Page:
There is no way out for banks. They have over-leveraged themselves to ridiculous levels and now can never re-capitalise. There is simply not enough money in the world for the interest to be paid on all the debt they have created unless governments print money stratospherically which would just wipe out most of the population if their wages don't rise.

I posted few days ago that Irish Banks are raising interest rates by upto 0.6% even though there has not been any increases by European Central Bank, it has long been understood that there is no direct relation between Central Banks and banks mortgage rates, they could change as they please & this is exactly what's happening in Ireland & could happen here. As Banks profit margins are squeezed, they will turn to their existing client who lets face it have been benefiting historically low rates. There iis no more easy monies to be given irresponsibily. Lets wait & see what happens. Some experts are also predicting the whole system collapse, which make all these irrelevant!!!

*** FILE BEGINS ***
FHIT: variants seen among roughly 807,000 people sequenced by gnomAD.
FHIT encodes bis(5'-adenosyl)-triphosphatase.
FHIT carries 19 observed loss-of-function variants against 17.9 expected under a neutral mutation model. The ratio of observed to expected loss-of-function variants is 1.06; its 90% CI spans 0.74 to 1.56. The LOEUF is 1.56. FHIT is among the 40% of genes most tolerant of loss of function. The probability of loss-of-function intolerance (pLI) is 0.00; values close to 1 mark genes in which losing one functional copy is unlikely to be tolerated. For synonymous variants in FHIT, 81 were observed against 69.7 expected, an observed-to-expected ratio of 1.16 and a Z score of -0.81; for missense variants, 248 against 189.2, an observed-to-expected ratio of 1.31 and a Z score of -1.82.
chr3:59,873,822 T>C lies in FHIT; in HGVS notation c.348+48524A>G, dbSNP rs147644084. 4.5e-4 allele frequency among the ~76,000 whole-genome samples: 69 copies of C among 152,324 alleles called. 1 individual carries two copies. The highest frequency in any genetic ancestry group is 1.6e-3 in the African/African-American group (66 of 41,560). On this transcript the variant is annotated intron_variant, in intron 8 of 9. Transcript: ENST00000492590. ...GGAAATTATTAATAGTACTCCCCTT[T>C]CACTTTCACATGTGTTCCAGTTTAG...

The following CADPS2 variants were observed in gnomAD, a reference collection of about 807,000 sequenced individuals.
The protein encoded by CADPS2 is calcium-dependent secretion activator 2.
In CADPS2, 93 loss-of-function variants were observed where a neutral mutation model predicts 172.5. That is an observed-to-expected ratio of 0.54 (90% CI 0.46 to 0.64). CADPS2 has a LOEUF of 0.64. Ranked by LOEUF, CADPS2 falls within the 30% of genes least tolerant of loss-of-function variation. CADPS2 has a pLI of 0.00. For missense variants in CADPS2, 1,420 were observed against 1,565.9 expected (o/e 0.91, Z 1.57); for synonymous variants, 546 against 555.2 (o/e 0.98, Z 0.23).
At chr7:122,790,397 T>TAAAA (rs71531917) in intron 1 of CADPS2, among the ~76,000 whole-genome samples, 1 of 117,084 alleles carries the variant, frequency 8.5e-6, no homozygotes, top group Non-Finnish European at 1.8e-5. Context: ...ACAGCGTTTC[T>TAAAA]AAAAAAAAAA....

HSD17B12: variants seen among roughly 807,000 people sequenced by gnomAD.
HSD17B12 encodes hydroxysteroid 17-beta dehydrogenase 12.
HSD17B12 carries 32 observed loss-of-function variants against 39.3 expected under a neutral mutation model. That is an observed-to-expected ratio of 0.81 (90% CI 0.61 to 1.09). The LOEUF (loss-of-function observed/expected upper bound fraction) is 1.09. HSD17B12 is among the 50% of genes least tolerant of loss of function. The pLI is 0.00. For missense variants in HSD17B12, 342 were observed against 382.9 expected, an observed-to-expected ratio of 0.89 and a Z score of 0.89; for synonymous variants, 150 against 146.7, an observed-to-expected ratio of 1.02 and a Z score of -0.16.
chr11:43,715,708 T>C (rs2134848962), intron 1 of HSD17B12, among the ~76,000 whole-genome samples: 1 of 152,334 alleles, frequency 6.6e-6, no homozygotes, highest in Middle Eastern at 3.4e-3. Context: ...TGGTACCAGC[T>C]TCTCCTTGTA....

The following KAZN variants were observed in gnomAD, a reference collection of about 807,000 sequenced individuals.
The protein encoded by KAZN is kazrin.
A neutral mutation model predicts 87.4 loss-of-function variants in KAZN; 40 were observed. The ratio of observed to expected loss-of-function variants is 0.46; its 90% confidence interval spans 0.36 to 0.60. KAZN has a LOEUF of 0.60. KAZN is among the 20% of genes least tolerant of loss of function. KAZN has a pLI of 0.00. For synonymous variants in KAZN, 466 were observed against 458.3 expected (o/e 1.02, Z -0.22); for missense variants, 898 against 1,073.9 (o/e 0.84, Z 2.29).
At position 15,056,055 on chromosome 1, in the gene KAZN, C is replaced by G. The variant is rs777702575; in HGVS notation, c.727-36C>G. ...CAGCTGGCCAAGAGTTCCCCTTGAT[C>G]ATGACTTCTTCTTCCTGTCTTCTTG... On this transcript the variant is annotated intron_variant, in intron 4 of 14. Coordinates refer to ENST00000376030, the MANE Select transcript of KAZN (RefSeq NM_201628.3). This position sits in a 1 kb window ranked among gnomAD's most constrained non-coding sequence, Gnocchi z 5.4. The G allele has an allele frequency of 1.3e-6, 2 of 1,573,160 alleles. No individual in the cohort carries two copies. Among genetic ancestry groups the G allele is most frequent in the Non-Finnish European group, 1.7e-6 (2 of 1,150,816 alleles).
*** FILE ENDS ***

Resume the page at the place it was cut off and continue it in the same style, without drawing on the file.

Share this post


Link to post
Share on other sites

Join the conversation

You can post now and register later. If you have an account, sign in now to post with your account.

Guest
Reply to this topic...

×   Pasted as rich text.   Paste as plain text instead

  Only 75 emoji are allowed.

×   Your link has been automatically embedded.   Display as a link instead

×   Your previous content has been restored.   Clear editor

×   You cannot paste images directly. Upload or insert images from URL.

Loading...
Sign in to follow this  

  • Recently Browsing   0 members

    No registered users viewing this page.

  • 140 Brexit, House prices and Summer 2020

    1. 1. Including the effects Brexit, where do you think average UK house prices will be relative to now in June 2020?


      • down 5% +
      • down 2.5%
      • Even
      • up 2.5%
      • up 5%



×
×
  • Create New...

Important Information

We have placed cookies on your device to help make this website better. You can adjust your cookie settings, otherwise we'll assume you're okay to continue.